Educational Philosophy and Theory 44 (3):245-258 (2012)

Simone Galea
University of Malta
This paper demystifies reflective practice on teaching by focusing on the idea of reflection itself and how it has been conceived by two philosophers, Plato and Irigaray. It argues that reflective practice has become a standardized method of defining the teacher in teacher education and teacher accreditation systems. It explores how practices of reflection themselves can suggest ways out of dictated pathways of reflection in teaching. Drawing on Luce Irigaray's and Plato's ideas on reflection, the paper includes a critical overview of how reflective practice can contradict its own aims and become non-reflective, shutting off possibilities for transformations and educational differences that it has set out to achieve. Keeping up the deconstructive mood, the paper draws on Irigaray's re-reading of Plato's parable of the cave to argue that reflective teaching that merely reflects phallogocentric educational systems and that attempts to universally reproduce standardized forms of reflective practice can never be conducive to the diversification of educational spaces.The paper seeks to re-think Plato's idea of reflection as mere copying and takes up Irigaray's strategic mimesis to explore ways through which reflective practice can regain its critical edge and reactivate teachers' reflective voices. It argues for the repetition of the practice of reflection by drawing on a feminist critique that challenges phallogocentric reflective tendencies in education and for mimetic strategies that engender difference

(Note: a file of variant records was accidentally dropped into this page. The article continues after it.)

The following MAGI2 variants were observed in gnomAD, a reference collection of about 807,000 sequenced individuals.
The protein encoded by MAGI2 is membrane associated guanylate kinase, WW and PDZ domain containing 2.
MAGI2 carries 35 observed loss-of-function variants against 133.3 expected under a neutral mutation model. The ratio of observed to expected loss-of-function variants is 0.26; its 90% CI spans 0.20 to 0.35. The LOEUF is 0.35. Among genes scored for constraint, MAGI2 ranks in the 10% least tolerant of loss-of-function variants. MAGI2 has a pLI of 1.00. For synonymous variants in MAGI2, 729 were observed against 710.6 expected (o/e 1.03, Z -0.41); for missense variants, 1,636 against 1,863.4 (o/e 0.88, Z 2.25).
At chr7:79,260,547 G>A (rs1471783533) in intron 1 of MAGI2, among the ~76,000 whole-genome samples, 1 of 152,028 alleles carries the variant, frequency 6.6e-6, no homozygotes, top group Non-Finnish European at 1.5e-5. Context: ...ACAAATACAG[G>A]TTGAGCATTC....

Keywords reflective practice  Plato  reflection  phallogocentrism  mimesis  Irigaray
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DOI 10.1111/j.1469-5812.2010.00652.x
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References found in this work BETA

This Sex Which Is Not One.Luce Irigaray - 1985 - Cornell University Press.
The Republic. Plato & Benjamin Jowett - 1894 - Courier Dover Publications.
Speculum of the Other Woman.Luce Irigaray - 1985 - Cornell University Press.

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